Full Text Available This article is a review of the PhD Thesis of Malin Eriksson, entitled ‘Social capital, health and community action – implications for health promotion.’ The article presents a theoretical overview of social capital and its relation to health, reviews empirical findings of the links between social capital and (self-rated health, and discusses the usefulness of social capital in health promotion interventions at individual and community levels. Social capital, conceptualized as an individual characteristic, can contribute to the field of health promotion by adding new knowledge on how social network interventions may best be designed to meet the needs of the target group. The distinction of different forms of social capital, i.e. bonding, bridging, and linking, can be useful in mapping the kinds of networks that are available and health-enhancing (or damaging and for whom. Further, social capital can advance social network interventions by acknowledging the risk for unequal distribution of investments and returns from social network involvement. Social capital, conceptualized as characterizing whole communities, provides a useful framework for what constitutes health-supporting environments and guidance on how to achieve them. Mapping and mobilization of social capital in local communities may be one way of achieving community action for health promotion. Social capital is context-bound by necessity. Thus, from a global perspective, it cannot be used as a ‘cookbook’ on how to achieve supportive environments and community action smoothly. However, social capital can provide new ideas on the processes that influence human interactions, cooperation, and community action for health promotion in various contexts.This article has been commented on by Catherine Campbell. Please follow this link http://www.globalhealthaction.net/index.php/gha/article/view/5964 – to read her Commentary.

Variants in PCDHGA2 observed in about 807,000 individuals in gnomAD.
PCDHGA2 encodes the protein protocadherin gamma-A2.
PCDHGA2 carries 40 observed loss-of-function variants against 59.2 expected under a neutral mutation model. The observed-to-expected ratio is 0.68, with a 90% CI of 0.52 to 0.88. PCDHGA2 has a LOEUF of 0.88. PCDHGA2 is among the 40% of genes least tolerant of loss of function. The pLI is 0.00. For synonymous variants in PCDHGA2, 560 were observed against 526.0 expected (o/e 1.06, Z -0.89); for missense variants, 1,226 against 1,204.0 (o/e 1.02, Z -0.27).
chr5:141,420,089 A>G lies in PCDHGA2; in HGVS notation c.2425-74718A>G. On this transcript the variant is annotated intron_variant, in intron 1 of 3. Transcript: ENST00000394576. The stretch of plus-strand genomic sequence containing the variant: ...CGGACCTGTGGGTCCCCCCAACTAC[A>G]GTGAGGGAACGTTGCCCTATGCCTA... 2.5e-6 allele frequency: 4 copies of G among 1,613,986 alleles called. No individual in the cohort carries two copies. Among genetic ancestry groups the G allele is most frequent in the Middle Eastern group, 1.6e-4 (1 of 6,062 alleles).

aged 50 and over from these eight HDSS sites was produced. The SAGE modules resulted in self-reported health, health status, functioning (from the WHO Disability Assessment Scale (WHODAS-II and well-being (from the WHO Quality of Life instrument (WHOQoL variables. The HDSS databases contributed age, sex, marital status, education, socio-economic status and household size variables. Conclusion: The INDEPTH WHO–SAGE collaboration demonstrates the value and future possibilities for this type of research in informing policy and planning for a number of countries. This INDEPTH WHO–SAGE dataset will be placed in the public domain together with this open-access supplement and will be available through the GHA website (www.globalhealthaction.net and other repositories. An improved dataset is being developed containing supplementary HDSS variables and vignette-adjusted health variables. This living collaboration is now preparing for a next wave of data collection.